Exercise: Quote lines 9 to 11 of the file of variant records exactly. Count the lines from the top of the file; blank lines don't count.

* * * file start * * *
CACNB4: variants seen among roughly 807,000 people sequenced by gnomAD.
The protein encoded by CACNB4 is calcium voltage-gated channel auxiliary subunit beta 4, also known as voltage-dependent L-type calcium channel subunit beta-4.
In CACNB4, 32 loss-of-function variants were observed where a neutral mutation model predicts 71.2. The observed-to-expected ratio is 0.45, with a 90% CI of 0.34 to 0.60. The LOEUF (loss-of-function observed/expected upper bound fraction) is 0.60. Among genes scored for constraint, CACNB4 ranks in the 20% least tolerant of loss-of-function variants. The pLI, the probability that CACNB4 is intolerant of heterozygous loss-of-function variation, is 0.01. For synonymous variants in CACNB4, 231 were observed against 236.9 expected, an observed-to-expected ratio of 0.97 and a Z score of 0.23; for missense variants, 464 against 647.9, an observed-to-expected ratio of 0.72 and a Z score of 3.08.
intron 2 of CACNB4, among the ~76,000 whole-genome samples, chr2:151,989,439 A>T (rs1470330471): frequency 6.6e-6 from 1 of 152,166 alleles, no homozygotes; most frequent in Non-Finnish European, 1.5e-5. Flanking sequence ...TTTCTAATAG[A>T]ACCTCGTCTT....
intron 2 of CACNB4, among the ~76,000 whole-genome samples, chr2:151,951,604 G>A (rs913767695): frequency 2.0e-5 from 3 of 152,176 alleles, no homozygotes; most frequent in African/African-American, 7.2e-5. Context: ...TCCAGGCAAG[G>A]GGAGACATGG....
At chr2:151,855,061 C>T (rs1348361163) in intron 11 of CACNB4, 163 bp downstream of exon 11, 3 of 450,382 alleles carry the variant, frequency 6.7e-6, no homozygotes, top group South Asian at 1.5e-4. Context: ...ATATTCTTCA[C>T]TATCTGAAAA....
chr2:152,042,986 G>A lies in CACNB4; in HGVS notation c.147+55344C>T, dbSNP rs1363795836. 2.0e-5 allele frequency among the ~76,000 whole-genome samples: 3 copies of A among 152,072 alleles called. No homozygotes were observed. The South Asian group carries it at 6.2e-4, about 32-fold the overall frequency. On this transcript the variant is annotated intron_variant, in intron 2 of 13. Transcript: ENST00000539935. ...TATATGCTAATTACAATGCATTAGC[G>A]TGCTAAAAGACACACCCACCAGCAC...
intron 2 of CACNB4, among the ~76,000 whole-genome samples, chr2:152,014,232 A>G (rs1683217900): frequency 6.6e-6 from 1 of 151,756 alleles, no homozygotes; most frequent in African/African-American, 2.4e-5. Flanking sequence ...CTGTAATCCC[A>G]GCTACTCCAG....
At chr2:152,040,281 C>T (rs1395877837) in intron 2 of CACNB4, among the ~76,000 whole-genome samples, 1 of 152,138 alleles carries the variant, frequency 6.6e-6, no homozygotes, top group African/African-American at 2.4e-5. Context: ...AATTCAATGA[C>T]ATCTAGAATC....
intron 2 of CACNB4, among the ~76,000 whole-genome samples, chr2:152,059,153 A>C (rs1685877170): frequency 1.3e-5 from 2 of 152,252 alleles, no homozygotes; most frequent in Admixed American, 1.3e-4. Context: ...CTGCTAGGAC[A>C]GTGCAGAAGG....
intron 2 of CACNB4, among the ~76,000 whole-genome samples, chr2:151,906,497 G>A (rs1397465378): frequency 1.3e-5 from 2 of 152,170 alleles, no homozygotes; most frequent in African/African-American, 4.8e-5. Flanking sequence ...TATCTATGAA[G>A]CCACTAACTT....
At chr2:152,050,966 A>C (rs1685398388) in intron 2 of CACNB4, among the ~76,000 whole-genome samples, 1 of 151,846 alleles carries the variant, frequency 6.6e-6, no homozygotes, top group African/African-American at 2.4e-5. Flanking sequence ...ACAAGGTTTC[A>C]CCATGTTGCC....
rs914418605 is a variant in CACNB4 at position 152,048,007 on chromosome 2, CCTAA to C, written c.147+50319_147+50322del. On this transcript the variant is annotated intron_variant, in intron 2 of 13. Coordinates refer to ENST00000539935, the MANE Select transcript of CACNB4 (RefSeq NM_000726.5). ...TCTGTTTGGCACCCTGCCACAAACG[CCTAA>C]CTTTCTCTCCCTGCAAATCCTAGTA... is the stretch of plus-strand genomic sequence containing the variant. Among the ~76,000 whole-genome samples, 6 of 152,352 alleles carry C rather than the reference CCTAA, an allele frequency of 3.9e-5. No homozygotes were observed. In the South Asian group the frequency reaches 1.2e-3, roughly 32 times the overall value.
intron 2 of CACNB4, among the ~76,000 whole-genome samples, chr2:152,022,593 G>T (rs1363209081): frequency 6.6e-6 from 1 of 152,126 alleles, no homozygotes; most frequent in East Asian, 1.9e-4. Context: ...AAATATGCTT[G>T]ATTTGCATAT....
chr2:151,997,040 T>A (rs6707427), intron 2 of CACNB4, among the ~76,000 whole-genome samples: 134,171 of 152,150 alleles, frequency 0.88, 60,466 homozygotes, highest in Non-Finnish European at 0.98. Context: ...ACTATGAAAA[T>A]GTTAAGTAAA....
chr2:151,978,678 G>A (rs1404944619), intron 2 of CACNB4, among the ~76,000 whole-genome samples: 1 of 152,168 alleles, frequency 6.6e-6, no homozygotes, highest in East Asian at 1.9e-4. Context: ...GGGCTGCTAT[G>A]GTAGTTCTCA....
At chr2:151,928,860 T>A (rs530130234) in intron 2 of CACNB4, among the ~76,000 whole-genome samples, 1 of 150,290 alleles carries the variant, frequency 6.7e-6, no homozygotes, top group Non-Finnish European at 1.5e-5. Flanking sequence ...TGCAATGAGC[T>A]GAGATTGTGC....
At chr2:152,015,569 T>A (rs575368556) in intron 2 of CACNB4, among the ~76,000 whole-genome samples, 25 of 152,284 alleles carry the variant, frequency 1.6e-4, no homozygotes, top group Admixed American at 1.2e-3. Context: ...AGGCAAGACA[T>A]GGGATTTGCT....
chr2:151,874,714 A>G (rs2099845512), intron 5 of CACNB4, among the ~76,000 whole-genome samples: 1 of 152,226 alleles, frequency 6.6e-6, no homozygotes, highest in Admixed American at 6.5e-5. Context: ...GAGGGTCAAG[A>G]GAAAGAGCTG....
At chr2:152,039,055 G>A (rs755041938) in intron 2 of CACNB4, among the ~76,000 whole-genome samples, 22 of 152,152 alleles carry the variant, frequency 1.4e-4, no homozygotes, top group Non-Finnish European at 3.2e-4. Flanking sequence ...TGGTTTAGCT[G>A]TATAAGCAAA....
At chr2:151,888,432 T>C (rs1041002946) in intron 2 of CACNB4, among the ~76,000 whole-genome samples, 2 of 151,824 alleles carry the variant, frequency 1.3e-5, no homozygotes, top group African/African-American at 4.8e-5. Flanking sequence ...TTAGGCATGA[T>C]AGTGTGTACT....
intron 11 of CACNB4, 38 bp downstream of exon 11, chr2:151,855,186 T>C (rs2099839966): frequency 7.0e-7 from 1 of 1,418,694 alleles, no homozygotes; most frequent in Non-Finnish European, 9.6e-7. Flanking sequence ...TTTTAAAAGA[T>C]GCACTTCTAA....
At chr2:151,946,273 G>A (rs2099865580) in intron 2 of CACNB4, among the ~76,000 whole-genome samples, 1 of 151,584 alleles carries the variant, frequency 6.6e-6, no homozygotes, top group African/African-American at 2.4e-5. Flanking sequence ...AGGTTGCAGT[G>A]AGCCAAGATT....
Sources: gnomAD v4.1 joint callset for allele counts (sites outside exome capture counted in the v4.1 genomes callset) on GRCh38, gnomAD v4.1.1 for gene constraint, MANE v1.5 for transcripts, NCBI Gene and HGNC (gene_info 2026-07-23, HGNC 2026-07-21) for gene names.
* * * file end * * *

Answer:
At chr2:152,040,281 C>T (rs1395877837) in intron 2 of CACNB4, among the ~76,000 whole-genome samples, 1 of 152,138 alleles carries the variant, frequency 6.6e-6, no homozygotes, top group African/African-American at 2.4e-5. Context: ...AATTCAATGA[C>T]ATCTAGAATC....
intron 2 of CACNB4, among the ~76,000 whole-genome samples, chr2:152,059,153 A>C (rs1685877170): frequency 1.3e-5 from 2 of 152,252 alleles, no homozygotes; most frequent in Admixed American, 1.3e-4. Context: ...CTGCTAGGAC[A>C]GTGCAGAAGG....
intron 2 of CACNB4, among the ~76,000 whole-genome samples, chr2:151,906,497 G>A (rs1397465378): frequency 1.3e-5 from 2 of 152,170 alleles, no homozygotes; most frequent in African/African-American, 4.8e-5. Flanking sequence ...TATCTATGAA[G>A]CCACTAACTT....